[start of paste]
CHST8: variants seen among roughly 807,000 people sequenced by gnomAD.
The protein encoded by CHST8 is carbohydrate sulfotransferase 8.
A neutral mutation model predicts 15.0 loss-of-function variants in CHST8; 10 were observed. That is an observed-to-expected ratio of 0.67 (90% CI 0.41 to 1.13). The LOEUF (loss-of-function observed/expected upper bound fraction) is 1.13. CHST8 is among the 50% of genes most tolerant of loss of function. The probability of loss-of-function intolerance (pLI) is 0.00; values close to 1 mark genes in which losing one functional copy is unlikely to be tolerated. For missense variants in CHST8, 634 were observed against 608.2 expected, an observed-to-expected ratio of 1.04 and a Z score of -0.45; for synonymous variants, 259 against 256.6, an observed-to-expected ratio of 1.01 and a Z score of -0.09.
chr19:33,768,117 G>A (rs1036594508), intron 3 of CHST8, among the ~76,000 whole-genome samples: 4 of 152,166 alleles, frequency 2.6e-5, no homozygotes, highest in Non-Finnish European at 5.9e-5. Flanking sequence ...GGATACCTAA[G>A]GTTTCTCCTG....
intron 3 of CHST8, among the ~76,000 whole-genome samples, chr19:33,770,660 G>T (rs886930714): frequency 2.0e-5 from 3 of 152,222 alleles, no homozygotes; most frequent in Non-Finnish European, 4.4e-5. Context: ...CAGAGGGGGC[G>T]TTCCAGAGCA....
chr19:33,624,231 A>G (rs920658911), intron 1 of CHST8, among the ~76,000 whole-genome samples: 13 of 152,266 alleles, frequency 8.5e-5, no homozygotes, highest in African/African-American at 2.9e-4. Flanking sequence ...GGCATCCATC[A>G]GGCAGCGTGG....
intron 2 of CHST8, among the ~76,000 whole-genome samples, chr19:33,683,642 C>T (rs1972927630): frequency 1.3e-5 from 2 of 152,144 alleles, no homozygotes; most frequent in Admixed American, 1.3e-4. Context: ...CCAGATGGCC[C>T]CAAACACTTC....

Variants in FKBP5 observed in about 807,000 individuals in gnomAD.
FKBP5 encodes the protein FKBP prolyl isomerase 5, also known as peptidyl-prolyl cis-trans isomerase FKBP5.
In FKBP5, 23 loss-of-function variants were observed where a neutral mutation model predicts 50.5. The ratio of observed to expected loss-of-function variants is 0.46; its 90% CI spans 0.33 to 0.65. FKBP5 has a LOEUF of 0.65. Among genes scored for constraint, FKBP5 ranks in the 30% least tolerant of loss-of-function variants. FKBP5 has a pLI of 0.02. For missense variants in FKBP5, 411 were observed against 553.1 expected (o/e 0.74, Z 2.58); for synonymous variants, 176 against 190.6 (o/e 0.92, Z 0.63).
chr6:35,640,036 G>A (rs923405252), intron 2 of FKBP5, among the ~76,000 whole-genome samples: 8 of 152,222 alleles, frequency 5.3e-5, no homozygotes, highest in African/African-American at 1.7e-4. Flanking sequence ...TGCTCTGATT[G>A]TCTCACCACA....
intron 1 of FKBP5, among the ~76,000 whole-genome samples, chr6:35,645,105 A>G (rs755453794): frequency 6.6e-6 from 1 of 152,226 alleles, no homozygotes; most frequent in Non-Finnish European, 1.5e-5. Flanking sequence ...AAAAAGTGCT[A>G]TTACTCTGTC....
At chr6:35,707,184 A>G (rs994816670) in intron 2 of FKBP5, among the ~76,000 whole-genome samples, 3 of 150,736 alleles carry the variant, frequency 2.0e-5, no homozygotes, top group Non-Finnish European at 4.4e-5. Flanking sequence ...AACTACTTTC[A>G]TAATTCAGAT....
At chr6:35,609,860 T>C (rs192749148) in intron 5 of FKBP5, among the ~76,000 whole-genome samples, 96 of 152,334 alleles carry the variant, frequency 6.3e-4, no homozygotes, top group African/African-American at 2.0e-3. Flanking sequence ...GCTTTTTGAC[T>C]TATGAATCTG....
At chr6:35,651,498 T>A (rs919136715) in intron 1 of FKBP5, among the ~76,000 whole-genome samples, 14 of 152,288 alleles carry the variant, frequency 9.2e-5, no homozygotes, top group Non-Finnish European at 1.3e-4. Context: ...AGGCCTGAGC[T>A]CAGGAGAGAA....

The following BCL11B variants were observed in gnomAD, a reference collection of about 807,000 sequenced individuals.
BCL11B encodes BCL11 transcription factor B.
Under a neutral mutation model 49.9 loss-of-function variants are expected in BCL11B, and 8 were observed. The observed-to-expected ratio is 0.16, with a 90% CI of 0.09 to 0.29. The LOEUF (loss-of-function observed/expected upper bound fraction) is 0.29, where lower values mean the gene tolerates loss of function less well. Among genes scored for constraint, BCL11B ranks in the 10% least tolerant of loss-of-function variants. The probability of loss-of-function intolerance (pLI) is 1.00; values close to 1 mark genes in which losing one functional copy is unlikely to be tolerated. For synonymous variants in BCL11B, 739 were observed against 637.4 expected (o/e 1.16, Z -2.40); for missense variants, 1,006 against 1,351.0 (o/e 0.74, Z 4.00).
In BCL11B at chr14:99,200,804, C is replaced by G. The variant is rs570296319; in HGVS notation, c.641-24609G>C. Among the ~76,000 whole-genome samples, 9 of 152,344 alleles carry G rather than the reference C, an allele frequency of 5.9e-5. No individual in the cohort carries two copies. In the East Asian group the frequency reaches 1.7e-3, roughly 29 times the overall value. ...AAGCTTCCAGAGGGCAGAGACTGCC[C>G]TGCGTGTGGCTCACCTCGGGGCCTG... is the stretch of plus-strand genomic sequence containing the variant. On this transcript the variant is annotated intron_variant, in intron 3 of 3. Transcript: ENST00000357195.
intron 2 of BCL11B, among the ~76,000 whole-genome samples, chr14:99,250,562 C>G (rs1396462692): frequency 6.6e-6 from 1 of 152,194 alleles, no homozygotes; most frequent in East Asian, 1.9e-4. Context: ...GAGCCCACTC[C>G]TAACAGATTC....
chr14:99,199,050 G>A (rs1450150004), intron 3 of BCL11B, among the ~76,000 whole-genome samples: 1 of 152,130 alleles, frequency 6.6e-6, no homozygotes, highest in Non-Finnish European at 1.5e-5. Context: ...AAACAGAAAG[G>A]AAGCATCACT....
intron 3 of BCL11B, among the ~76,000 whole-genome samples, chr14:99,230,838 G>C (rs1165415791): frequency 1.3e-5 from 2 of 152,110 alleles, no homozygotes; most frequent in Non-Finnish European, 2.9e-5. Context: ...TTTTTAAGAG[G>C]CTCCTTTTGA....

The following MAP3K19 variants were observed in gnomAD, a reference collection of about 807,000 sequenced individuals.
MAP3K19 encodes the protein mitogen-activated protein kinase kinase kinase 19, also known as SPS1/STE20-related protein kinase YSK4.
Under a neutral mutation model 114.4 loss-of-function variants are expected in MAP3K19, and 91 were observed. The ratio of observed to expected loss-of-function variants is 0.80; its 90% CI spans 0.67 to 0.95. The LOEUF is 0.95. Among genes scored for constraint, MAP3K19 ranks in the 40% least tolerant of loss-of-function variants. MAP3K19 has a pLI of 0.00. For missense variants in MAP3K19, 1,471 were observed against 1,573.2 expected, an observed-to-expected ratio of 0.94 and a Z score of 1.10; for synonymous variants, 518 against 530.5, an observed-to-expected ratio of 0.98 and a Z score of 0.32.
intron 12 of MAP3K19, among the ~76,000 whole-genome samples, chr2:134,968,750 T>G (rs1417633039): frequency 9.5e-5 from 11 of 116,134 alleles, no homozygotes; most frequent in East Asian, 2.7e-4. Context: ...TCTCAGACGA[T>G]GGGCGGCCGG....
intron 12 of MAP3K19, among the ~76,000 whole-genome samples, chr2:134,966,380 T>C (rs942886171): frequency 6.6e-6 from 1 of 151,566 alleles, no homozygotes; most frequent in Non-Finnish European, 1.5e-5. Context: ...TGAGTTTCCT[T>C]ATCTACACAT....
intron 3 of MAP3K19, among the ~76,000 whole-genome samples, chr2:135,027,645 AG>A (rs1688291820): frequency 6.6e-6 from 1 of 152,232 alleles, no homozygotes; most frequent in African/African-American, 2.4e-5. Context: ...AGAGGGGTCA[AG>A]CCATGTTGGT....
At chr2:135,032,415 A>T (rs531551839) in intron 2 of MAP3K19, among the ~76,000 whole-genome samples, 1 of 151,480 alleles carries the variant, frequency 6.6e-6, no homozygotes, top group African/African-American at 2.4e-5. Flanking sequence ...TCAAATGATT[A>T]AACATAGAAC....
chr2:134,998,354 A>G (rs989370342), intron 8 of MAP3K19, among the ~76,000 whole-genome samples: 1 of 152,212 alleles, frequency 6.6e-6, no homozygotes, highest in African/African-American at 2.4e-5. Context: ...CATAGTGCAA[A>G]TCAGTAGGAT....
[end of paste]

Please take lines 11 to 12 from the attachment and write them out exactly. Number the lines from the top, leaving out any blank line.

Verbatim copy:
chr6:35,640,036 G>A (rs923405252), intron 2 of FKBP5, among the ~76,000 whole-genome samples: 8 of 152,222 alleles, frequency 5.3e-5, no homozygotes, highest in African/African-American at 1.7e-4. Flanking sequence ...TGCTCTGATT[G>A]TCTCACCACA....
intron 1 of FKBP5, among the ~76,000 whole-genome samples, chr6:35,645,105 A>G (rs755453794): frequency 6.6e-6 from 1 of 152,226 alleles, no homozygotes; most frequent in Non-Finnish European, 1.5e-5. Flanking sequence ...AAAAAGTGCT[A>G]TTACTCTGTC....